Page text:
Ansie van der Walt ✿ Listening to textiles in strange places

Through her writing, Garland perennial Ansie van der Walt ventures into foreign lands to discover the eternal fabric of life.

After feeling like an outsider for most of my life, I’ve recently realised that is the reason I find being an expat easier than living in the same place for many years. As an expat, you are by definition the odd one out, the one that doesn’t belong. The newcomer. The weird one. Being the ‘other’ feels less personal, less of a judgement against who you are. It is easier to blame ‘not belonging’ on cultural differences and language barriers than on personal inadequacies, and in a way, it makes me feel like I do belong. As an expat, it is okay to be an outsider, an observer.

Being a textile writer is an unusual occupation and I am often asked how it came about. This is how: being a stranger in a strange place. Textiles are recognisable. Known. Being a writer gives me an excuse to ask questions, to learn, to poke my nose in, to be curious and to look for things that are familiar and understandable.

I realised that I understand the language of textiles, fabrics, and threads. I hear them. I read them. I speak them. When I go to strange places, I look for the fabric. The clothes people wear, the way they dress and decorate their personal space. The art they make. The way they proclaim their affiliations. The way they celebrate, and the way they mourn. It is all fabric.

I also find that people are generous with fabric. They allow you in, to touch, to feel, to experience. Textiles allow people to share, to become familiar, and to be intimate without being creepy or invading each other’s personal space. It makes you feel like you belong.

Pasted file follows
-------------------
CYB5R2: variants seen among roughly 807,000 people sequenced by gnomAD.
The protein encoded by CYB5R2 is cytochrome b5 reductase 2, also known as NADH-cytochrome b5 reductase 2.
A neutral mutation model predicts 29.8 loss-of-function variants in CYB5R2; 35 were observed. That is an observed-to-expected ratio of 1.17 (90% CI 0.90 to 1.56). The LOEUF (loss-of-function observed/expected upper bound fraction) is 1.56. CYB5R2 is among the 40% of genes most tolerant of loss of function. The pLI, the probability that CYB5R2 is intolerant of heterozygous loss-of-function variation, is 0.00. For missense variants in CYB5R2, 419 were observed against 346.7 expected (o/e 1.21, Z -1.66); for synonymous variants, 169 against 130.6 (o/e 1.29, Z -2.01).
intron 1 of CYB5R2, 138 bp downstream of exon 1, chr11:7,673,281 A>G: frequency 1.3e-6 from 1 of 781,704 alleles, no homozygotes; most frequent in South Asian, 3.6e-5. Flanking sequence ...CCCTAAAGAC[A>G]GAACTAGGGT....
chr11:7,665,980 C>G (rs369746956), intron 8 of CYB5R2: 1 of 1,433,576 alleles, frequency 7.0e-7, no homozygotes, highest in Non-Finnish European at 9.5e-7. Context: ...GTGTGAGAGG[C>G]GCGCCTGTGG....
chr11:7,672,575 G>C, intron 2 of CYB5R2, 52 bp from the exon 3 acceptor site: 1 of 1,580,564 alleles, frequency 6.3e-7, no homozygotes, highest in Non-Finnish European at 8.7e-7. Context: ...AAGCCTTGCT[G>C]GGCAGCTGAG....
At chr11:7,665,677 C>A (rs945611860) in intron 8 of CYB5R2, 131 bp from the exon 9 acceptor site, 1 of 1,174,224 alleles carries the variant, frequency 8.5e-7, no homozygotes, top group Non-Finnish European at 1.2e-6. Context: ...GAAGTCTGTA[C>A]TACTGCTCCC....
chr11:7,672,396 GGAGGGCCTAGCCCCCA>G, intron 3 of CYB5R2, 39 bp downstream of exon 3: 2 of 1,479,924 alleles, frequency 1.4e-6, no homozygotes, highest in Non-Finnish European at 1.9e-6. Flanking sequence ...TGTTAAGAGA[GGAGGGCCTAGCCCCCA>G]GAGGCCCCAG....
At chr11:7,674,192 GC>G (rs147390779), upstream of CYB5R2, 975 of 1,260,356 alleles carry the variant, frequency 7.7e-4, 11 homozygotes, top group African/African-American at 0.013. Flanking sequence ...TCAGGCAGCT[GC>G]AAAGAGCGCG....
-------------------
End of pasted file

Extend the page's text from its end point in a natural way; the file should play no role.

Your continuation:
I like all the metaphors of fabric and thread. The intertwining. The weaving. The threading. The being connected. And being the connector. In the fabric of life, we are all just threads. Sometimes we are unravelling, sometimes we are a loose thread, and sometimes we are a different colour, texture, or fibre as the rest, but we are all just threads.

I also like the metaphor of stitching or embroidering. A single thread must be attached to a needle and poked through the fabric and then pulled taught. That is the only way to make a pattern, to connect two pieces of fabric, and to create a masterpiece. As a single thread, you have to be fragile but fierce, poking your way in and through, and you have to create and experience the tension, the stretch. That is the only way to become part of the fabric.

I celebrate the single threads, the loners and the odd ones out. Be fierce – poke a hole, feel the tension, and create a fabulous design on the fabric of life.

Ansie van der Walt is a South African-Australian textile writer and editor who after almost twenty years of expat living has recently settled in Adelaide, South Australia. She is a regular contributor to several international art and textile publications. She manages The Fabric Thread, a textile-travel platform where she focuses on cultural textiles, and textiles in fine art. You can find out more here:

Stepping out: Africa Fashion Week Middle East - Ansie van der Walt talks to organisers of a new fashion festival in the UAE and profiles leading fashion designers from the region
Woven histories of Chiapas and Oaxaca - Ansie van der Walt reviews books on textiles of Chiapas and Oaxaca
Barbara Mullan: A life with Gujarati textiles - Ansie van der Welt writes about Barbara Mullan's life long affair with Gujarati textiles
Paisley stands tall again: Akhtar Ismailzadeh’s patteh embroidery - Ansie van der Walt writes about the patteh embroidery of Akhtar Ismailzadeh, an Iranian migrant living in South Australia. The paisley is sometimes inteprets as the cyprus tree which has been bent by the hardships of exile. Akhtar's work corrects this by straightening the paisley again.
For the love of Lao – Studio Naenna - Ansie van der Walt profiles Patricia Cheesman, the founder of Studio Naenna, a remarkable business that now provides work for weavers from northeast Thailand and Laos. It began when she was charmed by Laotian hospitality.